2021-02-25 Mindfulness of Breathing (41) Seeing Openness of Mind
4:33PM Feb 25, 2021
Mindfulness of mind: "Breathing in, experiencing the mind. Breathing out, experiecing the mind."
While we can't know exactly what the Buddha had in mind when he referred to 'citta' (mind), I wanted to read you part of the definition in the Pali Text Society Dictionary. More or less a standard Pali-English dictionary, it was written over 100 years ago, but it's still an excellent resource for understanding. They have a wonderful entry for 'citta' the word that we are mostly translating as 'mind.' It says, "The meaning of 'citta' is best understood, when explaining it, by expressions familiar to us, as: with all my heart; heart and soul; I have no heart to do it; blessed are the pure in heart; singleness of heart; all of which emphasize the emotional and conative side, more than its mental and rational side. It may therefore be rendered as mood, disposition, state of mind."
Some people prefer to translate 'citta' as heart or heart-mind. It touches the emotional side. The word mind might even feel a bit unemotional – not so connected to our emotional life. People like me treat mind and awareness almost as synonymous sometimes, as we get into deeper meditation. It might lend itself to the idea that we're removed a bit from our embodied emotional life. This may be a little unfortunate. Maybe whatever 'citta' is, wherever the mind is, whatever awareness is – maybe that's a rich world that includes our emotionality in important ways.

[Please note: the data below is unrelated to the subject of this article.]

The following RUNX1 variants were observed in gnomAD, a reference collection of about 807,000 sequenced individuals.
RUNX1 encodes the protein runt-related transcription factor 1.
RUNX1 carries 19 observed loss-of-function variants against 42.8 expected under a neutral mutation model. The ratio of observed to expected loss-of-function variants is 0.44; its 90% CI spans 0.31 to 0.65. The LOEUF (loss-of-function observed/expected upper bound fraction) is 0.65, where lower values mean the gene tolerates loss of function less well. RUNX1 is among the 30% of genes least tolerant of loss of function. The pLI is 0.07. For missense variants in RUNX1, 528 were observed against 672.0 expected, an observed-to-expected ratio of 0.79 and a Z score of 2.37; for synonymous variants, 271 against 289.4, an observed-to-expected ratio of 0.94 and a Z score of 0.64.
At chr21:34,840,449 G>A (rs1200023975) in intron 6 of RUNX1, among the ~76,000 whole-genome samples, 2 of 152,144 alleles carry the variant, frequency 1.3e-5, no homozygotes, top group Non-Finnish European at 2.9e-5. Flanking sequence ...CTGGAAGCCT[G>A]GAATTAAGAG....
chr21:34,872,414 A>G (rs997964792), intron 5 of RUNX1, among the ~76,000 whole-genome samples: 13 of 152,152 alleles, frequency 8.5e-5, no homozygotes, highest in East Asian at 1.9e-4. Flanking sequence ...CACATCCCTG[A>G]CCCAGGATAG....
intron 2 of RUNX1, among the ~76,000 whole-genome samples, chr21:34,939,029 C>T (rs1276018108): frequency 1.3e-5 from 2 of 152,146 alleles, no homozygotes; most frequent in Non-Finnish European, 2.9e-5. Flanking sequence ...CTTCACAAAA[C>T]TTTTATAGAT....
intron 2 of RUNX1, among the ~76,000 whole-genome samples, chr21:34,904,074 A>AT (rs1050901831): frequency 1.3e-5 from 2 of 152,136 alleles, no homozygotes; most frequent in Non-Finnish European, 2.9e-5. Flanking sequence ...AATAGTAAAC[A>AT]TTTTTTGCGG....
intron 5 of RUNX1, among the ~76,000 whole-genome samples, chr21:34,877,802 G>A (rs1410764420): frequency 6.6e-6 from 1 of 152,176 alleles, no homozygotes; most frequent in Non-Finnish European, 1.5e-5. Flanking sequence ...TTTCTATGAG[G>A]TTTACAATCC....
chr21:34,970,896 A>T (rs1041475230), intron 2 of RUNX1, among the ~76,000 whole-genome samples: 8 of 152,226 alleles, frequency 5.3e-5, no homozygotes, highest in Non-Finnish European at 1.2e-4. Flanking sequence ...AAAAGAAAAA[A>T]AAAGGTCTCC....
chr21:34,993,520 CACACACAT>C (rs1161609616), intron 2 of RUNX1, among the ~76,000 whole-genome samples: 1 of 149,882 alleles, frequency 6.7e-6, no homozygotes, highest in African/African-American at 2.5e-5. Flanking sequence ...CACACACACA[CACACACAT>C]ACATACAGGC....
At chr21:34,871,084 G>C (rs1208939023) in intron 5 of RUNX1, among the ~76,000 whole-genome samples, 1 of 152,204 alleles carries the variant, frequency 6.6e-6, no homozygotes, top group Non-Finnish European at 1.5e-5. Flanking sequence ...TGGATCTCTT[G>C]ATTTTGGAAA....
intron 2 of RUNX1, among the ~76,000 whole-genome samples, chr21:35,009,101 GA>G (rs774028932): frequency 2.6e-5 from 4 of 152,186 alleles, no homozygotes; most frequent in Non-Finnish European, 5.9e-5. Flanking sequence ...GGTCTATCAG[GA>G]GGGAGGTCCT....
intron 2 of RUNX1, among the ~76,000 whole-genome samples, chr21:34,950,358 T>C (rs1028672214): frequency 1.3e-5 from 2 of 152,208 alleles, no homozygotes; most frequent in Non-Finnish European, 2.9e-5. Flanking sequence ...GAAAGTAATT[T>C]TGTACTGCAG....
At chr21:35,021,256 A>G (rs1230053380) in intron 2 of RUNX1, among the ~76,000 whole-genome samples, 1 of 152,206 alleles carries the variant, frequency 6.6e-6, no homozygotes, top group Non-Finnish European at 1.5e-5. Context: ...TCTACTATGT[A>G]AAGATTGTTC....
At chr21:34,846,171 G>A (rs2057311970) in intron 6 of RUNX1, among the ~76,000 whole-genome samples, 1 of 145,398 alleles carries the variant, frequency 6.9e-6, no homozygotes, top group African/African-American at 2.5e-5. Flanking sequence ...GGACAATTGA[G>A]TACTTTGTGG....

In steps seven and eight of mindfulness of breathing, it's looking at the mental activities, recognizing the mental activities in the mind, and then relaxing those mental activities – tranquilizing or calming them – having the mind become open, not contracted. As I said earlier, the mind that's preoccupied gets hijacked. Attention gets hijacked by our desires, aversions, doubts, restlessness, or anxiety.
It's like a black hole that attention falls into and doesn't really come out. There isn't like we step back and get the bigger picture. We get swept away in preoccupations, thoughts, fantasies, stories, resentments – this inner world of what goes on. These are all mental activities that hijack awareness. There are other mental activities that enable awareness, or open the mind. They don't hijack, but rather enhance the quality of the mind.